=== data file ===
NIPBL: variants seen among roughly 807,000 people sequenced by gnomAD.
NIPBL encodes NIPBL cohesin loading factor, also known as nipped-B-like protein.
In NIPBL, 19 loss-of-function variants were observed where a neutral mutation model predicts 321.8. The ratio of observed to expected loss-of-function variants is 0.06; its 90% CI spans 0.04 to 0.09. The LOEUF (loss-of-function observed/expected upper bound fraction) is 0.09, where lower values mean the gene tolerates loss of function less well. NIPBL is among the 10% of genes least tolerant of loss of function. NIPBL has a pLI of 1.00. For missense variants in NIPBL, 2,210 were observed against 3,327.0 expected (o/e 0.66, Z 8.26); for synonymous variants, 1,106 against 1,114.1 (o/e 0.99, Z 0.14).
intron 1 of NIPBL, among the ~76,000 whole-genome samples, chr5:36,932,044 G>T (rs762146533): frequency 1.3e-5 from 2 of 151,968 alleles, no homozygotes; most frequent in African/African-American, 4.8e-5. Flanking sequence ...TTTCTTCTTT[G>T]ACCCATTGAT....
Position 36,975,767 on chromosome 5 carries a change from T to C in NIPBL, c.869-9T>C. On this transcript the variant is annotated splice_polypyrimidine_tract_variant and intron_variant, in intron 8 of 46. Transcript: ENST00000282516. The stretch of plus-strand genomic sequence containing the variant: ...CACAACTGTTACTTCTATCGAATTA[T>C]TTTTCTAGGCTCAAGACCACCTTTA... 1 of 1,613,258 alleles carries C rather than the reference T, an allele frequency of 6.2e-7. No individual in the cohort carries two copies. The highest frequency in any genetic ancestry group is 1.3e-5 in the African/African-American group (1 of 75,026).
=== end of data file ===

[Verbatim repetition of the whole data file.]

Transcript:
NIPBL: variants seen among roughly 807,000 people sequenced by gnomAD.
NIPBL encodes NIPBL cohesin loading factor, also known as nipped-B-like protein.
In NIPBL, 19 loss-of-function variants were observed where a neutral mutation model predicts 321.8. The ratio of observed to expected loss-of-function variants is 0.06; its 90% CI spans 0.04 to 0.09. The LOEUF (loss-of-function observed/expected upper bound fraction) is 0.09, where lower values mean the gene tolerates loss of function less well. NIPBL is among the 10% of genes least tolerant of loss of function. NIPBL has a pLI of 1.00. For missense variants in NIPBL, 2,210 were observed against 3,327.0 expected (o/e 0.66, Z 8.26); for synonymous variants, 1,106 against 1,114.1 (o/e 0.99, Z 0.14).
intron 1 of NIPBL, among the ~76,000 whole-genome samples, chr5:36,932,044 G>T (rs762146533): frequency 1.3e-5 from 2 of 151,968 alleles, no homozygotes; most frequent in African/African-American, 4.8e-5. Flanking sequence ...TTTCTTCTTT[G>T]ACCCATTGAT....
Position 36,975,767 on chromosome 5 carries a change from T to C in NIPBL, c.869-9T>C. On this transcript the variant is annotated splice_polypyrimidine_tract_variant and intron_variant, in intron 8 of 46. Transcript: ENST00000282516. The stretch of plus-strand genomic sequence containing the variant: ...CACAACTGTTACTTCTATCGAATTA[T>C]TTTTCTAGGCTCAAGACCACCTTTA... 1 of 1,613,258 alleles carries C rather than the reference T, an allele frequency of 6.2e-7. No individual in the cohort carries two copies. The highest frequency in any genetic ancestry group is 1.3e-5 in the African/African-American group (1 of 75,026).